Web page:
Popular histories of the early Republic have seen a boom over the past decade or so, with nearly every Founding Father enjoying a new biography and a number of best-selling authors adding their takes on the era.
But one moment in the revolutionary epoch has remained a historical “black hole,” in the words of College of Charleston political science professor Thomas Patrick Chorlton, who shines some light on the darkness in “The First American Republic: 1774-1789,” covering the period that begins with the First Continental Congress and ends with the implementation of the Constitution.
Histories of the Articles of Confederation era have been written, of course, but Chorlton takes a path less traveled, focusing on the 14 men who served first as president of Congress, then (after ratification of the Articles) as president of the United States in Congress Assembled.
“It took a long time to figure out who these guys were,” Chorlton said in an interview. He said he spent more than two decades researching and writing the book.
Chorlton calls them “The First Fourteen American Presidents Before Washington,” in the book’s subtitle. But theirs was a very different office than we know today. Under the Articles of Confederation, the presidency held some prestige but little power. The men who held it spent a good deal of their time begging the states to supply tax money to support the central government — a lot of pleading, but not much leading.
Some of their names are familiar: Richard Henry Lee, John Jay, John Hancock. Others have a more mid-level fame. Samuel Huntington and Thomas McKean, for example (like Hancock and Lee) were signers of the Declaration of Independence.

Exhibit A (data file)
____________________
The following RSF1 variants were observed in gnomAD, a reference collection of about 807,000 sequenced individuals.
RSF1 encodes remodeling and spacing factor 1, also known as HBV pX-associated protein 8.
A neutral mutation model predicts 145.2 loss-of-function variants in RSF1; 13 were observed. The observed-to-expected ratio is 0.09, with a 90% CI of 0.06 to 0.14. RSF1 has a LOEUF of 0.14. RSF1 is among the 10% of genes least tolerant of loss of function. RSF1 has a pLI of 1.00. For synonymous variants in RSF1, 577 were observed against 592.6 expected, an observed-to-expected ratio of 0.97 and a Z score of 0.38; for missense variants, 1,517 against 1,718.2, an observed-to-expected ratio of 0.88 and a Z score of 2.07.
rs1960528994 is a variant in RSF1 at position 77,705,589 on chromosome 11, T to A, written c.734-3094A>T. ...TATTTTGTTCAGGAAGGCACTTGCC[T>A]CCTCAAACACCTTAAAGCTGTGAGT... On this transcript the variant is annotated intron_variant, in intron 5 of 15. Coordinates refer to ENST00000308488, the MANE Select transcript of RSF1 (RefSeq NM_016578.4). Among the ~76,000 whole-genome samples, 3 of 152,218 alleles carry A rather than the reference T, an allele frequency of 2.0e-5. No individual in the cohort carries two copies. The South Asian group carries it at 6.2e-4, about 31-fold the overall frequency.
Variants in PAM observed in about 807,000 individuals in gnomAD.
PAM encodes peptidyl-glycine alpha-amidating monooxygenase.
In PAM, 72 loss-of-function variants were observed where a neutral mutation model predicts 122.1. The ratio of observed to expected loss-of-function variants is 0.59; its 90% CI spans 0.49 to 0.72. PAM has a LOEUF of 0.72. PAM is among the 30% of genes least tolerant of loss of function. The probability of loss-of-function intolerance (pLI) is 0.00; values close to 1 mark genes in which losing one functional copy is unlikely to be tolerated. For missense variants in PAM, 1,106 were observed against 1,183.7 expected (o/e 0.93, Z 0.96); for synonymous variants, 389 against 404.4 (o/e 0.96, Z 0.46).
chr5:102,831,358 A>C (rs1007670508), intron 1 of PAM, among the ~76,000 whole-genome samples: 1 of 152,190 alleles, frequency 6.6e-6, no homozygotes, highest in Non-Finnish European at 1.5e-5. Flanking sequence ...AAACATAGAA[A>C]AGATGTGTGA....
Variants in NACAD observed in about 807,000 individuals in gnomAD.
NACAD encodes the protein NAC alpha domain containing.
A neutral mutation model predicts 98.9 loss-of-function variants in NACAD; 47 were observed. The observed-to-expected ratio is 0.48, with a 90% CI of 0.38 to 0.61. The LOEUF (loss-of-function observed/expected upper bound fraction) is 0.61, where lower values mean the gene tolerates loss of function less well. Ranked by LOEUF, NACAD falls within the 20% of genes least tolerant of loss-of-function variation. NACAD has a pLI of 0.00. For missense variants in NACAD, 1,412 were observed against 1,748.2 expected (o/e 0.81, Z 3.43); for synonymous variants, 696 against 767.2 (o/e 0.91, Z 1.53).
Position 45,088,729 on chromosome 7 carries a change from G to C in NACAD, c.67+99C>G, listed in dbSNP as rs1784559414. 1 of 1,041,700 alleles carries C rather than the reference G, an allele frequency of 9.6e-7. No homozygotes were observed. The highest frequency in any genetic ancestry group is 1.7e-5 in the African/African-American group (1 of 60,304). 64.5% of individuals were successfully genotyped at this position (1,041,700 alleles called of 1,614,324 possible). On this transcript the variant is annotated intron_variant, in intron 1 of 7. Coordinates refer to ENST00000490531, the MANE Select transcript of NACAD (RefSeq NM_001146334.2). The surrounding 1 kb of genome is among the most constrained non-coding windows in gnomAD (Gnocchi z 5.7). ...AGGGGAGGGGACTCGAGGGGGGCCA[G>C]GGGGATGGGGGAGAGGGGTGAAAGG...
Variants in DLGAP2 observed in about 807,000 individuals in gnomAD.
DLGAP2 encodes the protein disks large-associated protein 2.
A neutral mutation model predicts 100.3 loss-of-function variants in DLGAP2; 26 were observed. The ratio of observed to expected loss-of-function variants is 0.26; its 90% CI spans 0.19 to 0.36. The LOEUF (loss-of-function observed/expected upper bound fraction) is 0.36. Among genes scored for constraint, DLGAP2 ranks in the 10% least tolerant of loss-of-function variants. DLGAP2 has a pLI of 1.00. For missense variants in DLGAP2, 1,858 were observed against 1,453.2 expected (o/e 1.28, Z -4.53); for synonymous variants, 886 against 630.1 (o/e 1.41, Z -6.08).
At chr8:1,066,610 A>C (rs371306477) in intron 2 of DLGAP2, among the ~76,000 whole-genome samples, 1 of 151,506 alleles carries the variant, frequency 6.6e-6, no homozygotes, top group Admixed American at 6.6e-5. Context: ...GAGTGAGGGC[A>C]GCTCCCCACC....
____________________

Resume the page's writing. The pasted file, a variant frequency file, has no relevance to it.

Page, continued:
“Some took charge, like Lee and McKean. Others were honest brokers, like Huntington,” said Chorlton, who will give a lecture and sign books at noon Thursday at the National Archives.
Peyton Randolph, the first president of Congress, was an important man in pre-revolutionary Virginia, speaker of the House of Burgesses and the “obvious” man for the job, Chorlton writes, but not a well-known figure to later generations.
Cyrus Griffin, the last of the pre-Constitution presidents, rests in an unmarked grave, perhaps the most-forgotten Founding Father.
That, as much as anything, is the beauty of “The First American Republic.” It gives life to long-forgotten figures of American history who deserve to be remembered, who were “very central,” Chorlton said, to the success of the American experiment.
Chorlton writes in an informal, non-academic style, even referring to the presidents by their first names throughout the book. The structure also helps guide the reader through the period, which might not be all that familiar to many who are well-schooled in revolutionary America and in the debates surrounding ratification of the Constitution but aren’t too sure about the period in-between. He devotes a single chapter to each presidency, including a mini-biography of each man and a narrative of the major events of the period.
Also included is a chapter on Charles Thomson, who served as secretary of Congress for its entire pre-Constitution life. If anyone could be considered the ultimate under-appreciated Founding Father it would be Thomson, who was swept away with the rest of the old regime when George Washington became president under the Constitution.
Thomson never held elected office, but Chorlton calls him “the greatest patriot of all” and asserts that, “Without his prodding and pleading, Congress would never have survived. Without his faithful service, the record of the First American Republic would be lost to history.”
As Chorlton ably demonstrates, it’s a history well worth keeping alive.
Author Thomas Patrick Chorlton will speak about his book, “The First American Republic: 1774-1789,” at noon today at the William G. McGowan Theater at the National Archives on Constitution Avenue Northwest, between Seventh and Ninth streets.